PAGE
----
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The Pics4Learning collection consists of thousands of images that have been donated by students, teachers and amateur photographers. Unlike many Internet sites, permission has been granted for teachers and students to use all of the images donated to the Pics4Learning collection.

Browse by topic, look at the most popular photos or do a search for specific images. Topics include  Animals, Countries, Education, Food, Geography, History, Signs, to name a few. Some of the over 50 topics have numbers in brackets – these refer to sub-topics i.e. Animals has 49 sub-topics which include Marsupials, Bats, Insects, etc.  In the Marsupial section, there are 96 jpg images which can be copied or downloaded and used in multimedia presentations and information reports.

Students can also contribute photos they have taken. An example activity could be setting the students the challenge of taking digital photos around your school of mathematical concepts e.g. acute angles, parallel lines or symmetry. These can then be uploaded to the Pics4Learning site. This activity is not only an authentic learning task to consolidate students mathematical understanding but also a very engaging activity where students would be using a range of ICT knowledge and skills as well as collaborative and decision-making skills.

Introduction to the second year of the Math Connection Project: a Mathematical Problem Solving Workshop between international and public schools around the world. Find the website at This collaborative project is designed to provide a place for students and teachers to share their experiences with Mathematics and discover the connection of mathematics study to their own real world experiences. This year’s project is centred about four CHALLENGES which will use a variety of online tools to engage your students’ in exploring and communicating their understanding of Maths within four different strands.

CHALLENGE 1: DATA ANALYSIS November – December

CHALLENGE 2: GEOMETRY January – February



Interested in participating?

The project is open to all elementary and middle school level classrooms from all over the world. Join in for just one time or as many CHALLENGES as they fit into your planning and schedule. Individual, small groups, or whole class examples are welcome. Email Linda at to answer any other questions you might have. 

Project Goals

  • Develop mathematical understanding across the standards of communication, connections, and problem solving.
  • Develop an understanding of the use of mathematics in everyday life.
  • Develop an understanding of the universality of mathematics across the world.
  • Engage students in discussions about mathematics with others across the world.
  • Develop collaborative skills across classes and countries.
  • Creatively communicate new understandings about Mathematics.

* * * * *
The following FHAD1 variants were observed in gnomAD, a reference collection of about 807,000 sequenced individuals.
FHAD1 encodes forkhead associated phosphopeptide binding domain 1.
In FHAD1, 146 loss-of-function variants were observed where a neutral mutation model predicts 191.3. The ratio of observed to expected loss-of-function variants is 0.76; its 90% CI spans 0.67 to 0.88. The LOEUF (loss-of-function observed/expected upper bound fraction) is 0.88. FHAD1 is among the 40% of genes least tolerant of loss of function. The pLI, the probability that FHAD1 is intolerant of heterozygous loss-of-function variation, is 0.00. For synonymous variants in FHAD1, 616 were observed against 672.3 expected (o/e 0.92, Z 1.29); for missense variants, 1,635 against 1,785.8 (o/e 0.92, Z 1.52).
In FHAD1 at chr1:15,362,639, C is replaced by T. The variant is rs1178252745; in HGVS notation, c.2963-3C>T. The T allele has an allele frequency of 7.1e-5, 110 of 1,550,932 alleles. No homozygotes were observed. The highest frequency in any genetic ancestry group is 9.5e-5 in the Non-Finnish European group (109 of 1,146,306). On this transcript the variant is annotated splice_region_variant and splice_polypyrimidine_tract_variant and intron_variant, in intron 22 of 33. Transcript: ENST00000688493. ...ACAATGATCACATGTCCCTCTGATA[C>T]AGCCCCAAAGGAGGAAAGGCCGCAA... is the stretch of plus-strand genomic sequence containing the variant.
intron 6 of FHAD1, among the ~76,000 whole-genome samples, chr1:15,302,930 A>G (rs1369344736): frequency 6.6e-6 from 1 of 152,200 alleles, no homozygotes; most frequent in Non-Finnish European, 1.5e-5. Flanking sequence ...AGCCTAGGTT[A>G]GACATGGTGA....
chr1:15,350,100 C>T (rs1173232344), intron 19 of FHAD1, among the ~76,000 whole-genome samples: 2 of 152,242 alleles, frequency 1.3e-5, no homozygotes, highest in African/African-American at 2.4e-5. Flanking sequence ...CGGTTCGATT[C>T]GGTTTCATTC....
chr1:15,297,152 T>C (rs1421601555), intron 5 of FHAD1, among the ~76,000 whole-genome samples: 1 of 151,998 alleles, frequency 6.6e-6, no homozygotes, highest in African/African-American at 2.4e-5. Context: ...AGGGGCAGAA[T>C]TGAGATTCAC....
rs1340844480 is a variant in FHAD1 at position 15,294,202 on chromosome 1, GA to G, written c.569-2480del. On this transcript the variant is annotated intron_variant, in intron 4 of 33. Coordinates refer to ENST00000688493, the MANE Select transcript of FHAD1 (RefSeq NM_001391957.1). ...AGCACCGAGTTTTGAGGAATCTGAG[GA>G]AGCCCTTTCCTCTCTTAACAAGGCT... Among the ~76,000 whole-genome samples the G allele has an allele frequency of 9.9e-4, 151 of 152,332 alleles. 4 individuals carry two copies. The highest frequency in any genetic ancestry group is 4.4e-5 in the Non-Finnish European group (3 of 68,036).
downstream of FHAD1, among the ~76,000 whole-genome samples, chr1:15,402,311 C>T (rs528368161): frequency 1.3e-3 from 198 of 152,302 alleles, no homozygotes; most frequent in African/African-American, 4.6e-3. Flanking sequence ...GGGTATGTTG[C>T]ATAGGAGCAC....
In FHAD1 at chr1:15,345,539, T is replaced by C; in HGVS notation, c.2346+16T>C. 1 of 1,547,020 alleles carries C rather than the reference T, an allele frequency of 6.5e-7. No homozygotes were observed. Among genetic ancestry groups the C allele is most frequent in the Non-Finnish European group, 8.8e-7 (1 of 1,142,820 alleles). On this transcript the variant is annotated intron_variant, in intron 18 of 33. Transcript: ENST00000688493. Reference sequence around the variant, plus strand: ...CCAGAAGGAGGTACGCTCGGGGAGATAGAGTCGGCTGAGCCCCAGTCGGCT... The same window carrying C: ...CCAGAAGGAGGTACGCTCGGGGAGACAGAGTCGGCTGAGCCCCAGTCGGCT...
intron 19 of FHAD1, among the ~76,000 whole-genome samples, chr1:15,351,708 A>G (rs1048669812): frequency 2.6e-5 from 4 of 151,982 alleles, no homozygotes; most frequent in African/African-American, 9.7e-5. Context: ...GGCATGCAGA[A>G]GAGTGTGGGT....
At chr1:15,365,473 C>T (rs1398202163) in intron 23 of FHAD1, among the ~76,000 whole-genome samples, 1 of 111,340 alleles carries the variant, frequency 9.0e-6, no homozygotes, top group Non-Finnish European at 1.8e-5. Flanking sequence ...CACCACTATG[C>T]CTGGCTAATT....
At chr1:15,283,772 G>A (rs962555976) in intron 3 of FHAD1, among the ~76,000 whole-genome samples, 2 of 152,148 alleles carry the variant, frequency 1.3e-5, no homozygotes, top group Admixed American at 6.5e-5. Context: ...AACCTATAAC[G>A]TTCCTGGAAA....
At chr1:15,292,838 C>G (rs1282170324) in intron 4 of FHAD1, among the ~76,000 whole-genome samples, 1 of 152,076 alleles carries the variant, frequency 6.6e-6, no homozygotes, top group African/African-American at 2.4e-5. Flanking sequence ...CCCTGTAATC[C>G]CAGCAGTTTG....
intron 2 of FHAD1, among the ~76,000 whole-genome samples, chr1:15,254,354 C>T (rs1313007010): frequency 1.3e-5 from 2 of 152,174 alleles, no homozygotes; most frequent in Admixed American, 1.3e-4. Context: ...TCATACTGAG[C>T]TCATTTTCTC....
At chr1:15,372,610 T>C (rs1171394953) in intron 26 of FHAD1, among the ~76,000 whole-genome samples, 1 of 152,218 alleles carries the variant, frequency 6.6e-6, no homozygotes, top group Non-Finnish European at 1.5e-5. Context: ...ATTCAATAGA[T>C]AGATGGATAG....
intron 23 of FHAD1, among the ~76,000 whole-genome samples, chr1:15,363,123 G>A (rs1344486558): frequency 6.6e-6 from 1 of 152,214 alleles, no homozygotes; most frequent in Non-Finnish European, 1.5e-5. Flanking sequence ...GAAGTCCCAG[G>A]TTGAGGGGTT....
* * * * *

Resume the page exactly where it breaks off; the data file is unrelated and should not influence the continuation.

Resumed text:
Wouldn’t it be great to have some Australian involvement!


Thank you to Vicki Davis for spreading the word!

This website ( is a growing collection of downloadable multimedia resources and lesson plans. Currently the majority of resources are in the Science field (listed below) but they are planning to add Language Arts, Social Sciences and Mathematics resources. It has a free registration although you need to align yourself to your educational institution.

I am not a huge fan of downloadable Lesson Plan websites but this site has suggestions which are not only practical and constructivist but also resources and links which students could use. For instance, the Polar Sciences Special Collection focuses on issues relating to Global Warming effects on the Arctic and Antarctic.  The collection includes a fabulous range of interactives, documents, lesson plans and video clips which can be viewed online, with some downloadable. Each with a brief description and suggested year level e.g. Earth as a System (Grade 6 – 12) is a visualisation adapted from NASA maps and shows progressive global changes on a rotating globe. You can also turn captions on or off to accompany the clip.

The collection groups resources in 5 areas: Atmosphere, Ice, Oceans, People and Land.



The Science K-12 resources are listed in major strands and sub-topics:

Earth and Space Science (292 resources) i.e. Earth in the Universe, Earth System, Structure, and Processes, Water Cycle, Weather, and Climate

Engineering (204) i.e. Engineering Design, Materials and Tools, Systems and Technologies

Life Science (399) i.e. Ecology, Evolution and Diversity, Genetics and Heredity, Organisms and Their Environments, Regulation and Behavior, Structure and Function

Physical Science (395) i.e. Energy, Fundamental Theory, Matter, Motions and Forces

Thanks to Dean Mantz for sharing this website via Diigo.

The World Factbook contains up-to-date information about all countries in the world. This includes information about geography, government, transportation, communication and the people. It also has useful graphics for student research projects e.g. flags and maps.